After arriving battle-weary and shell-shocked in England, the shattered remnants of the Parachute Regiment were sent to Scotland to convalesce at Loch Eilort. There, for some, the horrors of what they had seen became too much to bear. Gerry remembers how one officer hung himself in the Highland solitude, others being so traumatised they contented themselves with lobbing grenades into the loch to kill fish. Scarcely six months later, Gerry was back in Arnhem, this time with a camera in place of a gun. Even as they were burying the dead from September's battles, "Theirs is the Glory" was being filmed amid the ruins and stench of corpses.

 

The fore-runner to the less graphic 'A Bridge Too Far' used surviving soldiers from the struggle as actors, along with local residents playing themselves. Every incident was either experienced or witnessed by those who appear in the film. Gerry featured in several scenes, but other memories of his second visit to Arnhem still haunt him. "They were still digging up the bodies in the gardens all around Oosterbreck and putting them in the central cemetery," said Gerry. "All you could see was a mass of feet sticking out of the backs of the lorries as they took them away to the cemetery. The cameraman wouldn't go into one tunnel because there were still bodies piled up inside, but they were only skeletons in uniforms. I took the photograph, because the media people wouldn't go down there."

 

Of more than 10,000 troops landed at Arnhem, scarcely 2000 made it back, making Operation Market Garden one of the western war's most costly failures. Gerry is in no doubt Montgomery's planning failures had cost so many of his comrades their lives. "It was Monty's cock-up. There are far too many young men in the graveyard at Oosterberck," he said.

 

Now Gerry is planning his annual pilgrimage to the place where so many colleagues will forever lie. A huge welcome, as always, awaits. "They are going to give us a hell of a good do this year. The Dutch government are spending a hell of a lot of money - all the school kids are doing something. Every day there's a different function put on by the Dutch Government. There's a march across the railway, a parachute drop on Genckel Heath, when 1000 paratroops will drop in memory of those who died." Over the years Gerry has made a lot of Dutch friends, though one year at Arnhem was extra special. He met the sister of his CO Captain Lionel Queripel, who died in that heroic last stand at Wolfheze.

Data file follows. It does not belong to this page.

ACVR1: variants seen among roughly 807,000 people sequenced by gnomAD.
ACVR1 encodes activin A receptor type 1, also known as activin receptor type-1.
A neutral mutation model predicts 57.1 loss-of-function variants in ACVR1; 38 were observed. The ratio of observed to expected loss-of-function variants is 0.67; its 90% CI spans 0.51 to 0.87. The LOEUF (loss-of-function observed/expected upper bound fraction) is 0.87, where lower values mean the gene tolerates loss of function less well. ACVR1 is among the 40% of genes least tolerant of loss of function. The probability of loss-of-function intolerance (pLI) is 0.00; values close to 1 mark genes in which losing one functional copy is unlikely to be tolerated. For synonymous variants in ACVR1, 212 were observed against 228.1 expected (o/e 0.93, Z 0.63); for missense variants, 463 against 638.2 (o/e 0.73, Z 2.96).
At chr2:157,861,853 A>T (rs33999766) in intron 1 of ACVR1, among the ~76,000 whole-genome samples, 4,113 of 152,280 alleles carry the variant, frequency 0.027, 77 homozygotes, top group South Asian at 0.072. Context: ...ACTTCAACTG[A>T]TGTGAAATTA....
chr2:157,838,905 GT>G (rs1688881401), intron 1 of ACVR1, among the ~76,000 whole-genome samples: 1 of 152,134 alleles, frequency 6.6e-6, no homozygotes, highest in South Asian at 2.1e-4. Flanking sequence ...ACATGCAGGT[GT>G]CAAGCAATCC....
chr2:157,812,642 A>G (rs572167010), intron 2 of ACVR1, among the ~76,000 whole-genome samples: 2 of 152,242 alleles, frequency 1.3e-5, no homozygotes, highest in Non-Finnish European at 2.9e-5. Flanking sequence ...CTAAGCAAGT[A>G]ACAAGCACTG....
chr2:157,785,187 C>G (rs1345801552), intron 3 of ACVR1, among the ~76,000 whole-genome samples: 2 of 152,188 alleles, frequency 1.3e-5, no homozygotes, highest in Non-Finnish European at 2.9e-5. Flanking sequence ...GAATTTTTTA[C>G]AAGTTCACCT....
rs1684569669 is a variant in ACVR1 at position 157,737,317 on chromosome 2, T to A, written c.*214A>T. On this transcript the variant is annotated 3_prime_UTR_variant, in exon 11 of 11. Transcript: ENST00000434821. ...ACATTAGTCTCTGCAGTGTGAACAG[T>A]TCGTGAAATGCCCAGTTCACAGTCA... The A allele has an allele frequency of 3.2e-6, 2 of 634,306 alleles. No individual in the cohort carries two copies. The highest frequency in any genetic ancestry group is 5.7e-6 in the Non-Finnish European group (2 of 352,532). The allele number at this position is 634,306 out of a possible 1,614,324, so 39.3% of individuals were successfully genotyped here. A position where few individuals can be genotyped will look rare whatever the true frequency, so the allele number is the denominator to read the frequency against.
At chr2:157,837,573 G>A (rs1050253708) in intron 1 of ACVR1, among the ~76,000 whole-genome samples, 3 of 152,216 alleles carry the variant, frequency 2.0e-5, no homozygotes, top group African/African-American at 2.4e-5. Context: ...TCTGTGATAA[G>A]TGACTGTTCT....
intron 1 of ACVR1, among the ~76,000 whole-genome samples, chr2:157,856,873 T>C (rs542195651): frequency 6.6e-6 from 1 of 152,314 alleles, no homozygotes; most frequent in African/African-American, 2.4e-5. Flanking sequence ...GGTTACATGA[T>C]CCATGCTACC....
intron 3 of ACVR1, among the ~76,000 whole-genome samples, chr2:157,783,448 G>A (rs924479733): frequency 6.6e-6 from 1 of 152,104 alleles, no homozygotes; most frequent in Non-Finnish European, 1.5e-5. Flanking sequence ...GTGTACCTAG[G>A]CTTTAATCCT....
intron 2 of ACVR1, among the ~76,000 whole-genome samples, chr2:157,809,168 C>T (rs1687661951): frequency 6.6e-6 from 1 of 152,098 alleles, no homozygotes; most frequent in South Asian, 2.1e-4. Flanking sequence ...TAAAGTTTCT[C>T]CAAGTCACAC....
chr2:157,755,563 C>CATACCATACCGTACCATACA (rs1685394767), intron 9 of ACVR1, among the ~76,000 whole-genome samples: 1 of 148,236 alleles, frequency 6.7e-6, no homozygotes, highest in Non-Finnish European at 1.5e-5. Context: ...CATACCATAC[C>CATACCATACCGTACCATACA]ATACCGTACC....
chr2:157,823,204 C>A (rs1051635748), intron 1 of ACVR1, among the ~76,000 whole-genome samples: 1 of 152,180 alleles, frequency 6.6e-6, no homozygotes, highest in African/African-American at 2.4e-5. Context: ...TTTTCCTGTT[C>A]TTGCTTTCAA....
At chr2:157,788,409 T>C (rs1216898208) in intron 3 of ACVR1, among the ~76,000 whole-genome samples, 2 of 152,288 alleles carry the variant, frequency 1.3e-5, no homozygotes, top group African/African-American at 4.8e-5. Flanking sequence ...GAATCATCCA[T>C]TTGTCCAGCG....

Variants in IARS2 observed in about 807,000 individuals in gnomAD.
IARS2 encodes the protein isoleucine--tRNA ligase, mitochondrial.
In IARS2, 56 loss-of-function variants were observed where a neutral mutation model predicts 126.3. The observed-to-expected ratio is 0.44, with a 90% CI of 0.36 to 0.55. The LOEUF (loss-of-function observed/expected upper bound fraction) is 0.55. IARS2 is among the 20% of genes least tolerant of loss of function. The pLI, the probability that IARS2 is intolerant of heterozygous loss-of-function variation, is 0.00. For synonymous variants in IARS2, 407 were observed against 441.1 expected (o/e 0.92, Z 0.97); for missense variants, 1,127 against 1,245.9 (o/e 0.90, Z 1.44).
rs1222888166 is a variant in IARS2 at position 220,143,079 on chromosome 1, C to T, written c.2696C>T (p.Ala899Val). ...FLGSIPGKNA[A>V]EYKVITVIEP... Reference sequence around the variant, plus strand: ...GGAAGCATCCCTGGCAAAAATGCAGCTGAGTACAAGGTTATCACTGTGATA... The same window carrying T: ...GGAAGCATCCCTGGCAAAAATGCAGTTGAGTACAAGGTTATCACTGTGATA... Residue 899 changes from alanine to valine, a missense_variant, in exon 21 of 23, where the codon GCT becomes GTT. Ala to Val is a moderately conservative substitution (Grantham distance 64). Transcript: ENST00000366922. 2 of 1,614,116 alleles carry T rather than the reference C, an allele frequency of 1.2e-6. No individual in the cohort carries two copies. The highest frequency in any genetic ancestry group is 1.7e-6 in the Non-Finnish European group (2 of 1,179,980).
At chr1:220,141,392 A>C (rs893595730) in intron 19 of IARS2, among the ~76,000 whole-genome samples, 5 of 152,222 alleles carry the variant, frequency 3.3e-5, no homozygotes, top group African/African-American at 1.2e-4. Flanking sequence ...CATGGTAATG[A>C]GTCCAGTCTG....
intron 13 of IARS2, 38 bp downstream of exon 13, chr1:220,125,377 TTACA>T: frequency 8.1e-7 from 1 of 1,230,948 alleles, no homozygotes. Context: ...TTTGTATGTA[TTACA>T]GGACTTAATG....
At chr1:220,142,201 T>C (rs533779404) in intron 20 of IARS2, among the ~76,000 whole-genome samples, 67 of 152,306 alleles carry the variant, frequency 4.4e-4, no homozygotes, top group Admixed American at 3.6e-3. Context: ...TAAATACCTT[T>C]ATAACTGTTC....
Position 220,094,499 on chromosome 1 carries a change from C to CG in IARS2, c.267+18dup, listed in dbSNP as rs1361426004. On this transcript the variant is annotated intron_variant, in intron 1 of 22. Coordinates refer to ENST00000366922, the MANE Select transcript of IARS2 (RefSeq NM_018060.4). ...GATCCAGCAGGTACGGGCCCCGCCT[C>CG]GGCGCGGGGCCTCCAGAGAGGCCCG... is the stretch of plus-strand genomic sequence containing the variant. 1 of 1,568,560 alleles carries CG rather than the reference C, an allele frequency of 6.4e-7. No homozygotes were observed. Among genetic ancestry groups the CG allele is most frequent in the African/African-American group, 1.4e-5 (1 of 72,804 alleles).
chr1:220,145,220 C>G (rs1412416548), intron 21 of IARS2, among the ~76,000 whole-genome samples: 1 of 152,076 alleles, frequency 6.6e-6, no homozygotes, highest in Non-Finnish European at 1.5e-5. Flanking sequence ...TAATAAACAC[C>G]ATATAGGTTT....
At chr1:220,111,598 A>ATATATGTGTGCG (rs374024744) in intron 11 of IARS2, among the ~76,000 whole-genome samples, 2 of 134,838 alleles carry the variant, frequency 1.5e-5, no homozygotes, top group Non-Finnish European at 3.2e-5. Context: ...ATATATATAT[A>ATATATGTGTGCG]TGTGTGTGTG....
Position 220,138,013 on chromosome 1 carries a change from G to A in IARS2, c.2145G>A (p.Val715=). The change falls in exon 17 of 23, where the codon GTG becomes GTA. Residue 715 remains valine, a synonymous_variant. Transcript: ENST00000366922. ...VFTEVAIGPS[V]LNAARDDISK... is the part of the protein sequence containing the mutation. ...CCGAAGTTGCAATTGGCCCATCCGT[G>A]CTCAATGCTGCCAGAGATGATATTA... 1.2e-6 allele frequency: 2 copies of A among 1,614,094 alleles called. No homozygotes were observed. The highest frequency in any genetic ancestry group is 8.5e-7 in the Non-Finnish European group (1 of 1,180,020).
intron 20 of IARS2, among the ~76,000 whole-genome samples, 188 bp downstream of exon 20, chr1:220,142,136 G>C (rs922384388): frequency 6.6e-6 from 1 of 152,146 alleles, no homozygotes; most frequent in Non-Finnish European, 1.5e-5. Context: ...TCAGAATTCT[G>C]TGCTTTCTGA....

Gerry Dimmock passed away on the 14th November 2015, aged 93. The following was subsequently printed in the Galloway Gazette:

 

World War Two Battle of Arnhem hero Gerry Dimmock from Knockstocks Cottage, near Newton Stewart, passed away last Saturday at the age of 94. In September 1944, Paratrooper Gerry was with the 1st Airborne Division instructed to take the bridge at Arnhem, as part of 'Operation Market Garden' as the allies tried to push the Germans back after the D-Day landings. As a driver, Gerry and his jeep were towed across to Holland in a glider attached to a tow plane and had to battle through two crack German Panzer divisions using only small arms.

 

In an interview with the Galloway Gazette last September, Gerry remembered: "We had to fight them without anti-tank weapons, we were only fighting them with small arms, the bombs we did have were just bouncing off the tanks. As a driver, during the last three days of the battle I was busy picking up the wounded and taking them back to the dressing station it was a very, very hairy thing to do as I expected a bullet in the back at any minute as I only had a white handkerchief on a broomstick driving through the German lines. We burst the doors off houses and I wired three of them onto the jeep so I could carry three wounded lying down and two in the seats. I put on so many tourniquets on people that were bleeding to death I became the world's expert."

 

"I was wounded three times during the war and the last time was when I was crawling out of the Rhine at Arnhem when I was hit by a mortar, having gone through the eight days of the battle. A mortar bomb landed so close it burst my eardrum and a piece of shrapnel shaved my pelvis. I was taken to Brussels and then flown back to England and that was the end of the war for me. General Browning after the Arnhem battle got all the survivors together in the church at Nijmegen to announce: "I will see to it that none of you who fought at Arnhem will go into action again", and he kept his word."

 

Gerry also fought at Dunkirk, North Africa, the Middle East and Italy. After the war he returned to Arnhem for the filming of 'Theirs is the Glory'. Despite his failing health, Gerry returned to the scene of one of the war’s most bloody battles every single year since 1944, until last year when his doctor advised against travelling to the Dutch town for the 70th anniversary, where he would have been given pride of place as the only survivor left of the Allied troops who swam the Rhine to escape the Germans.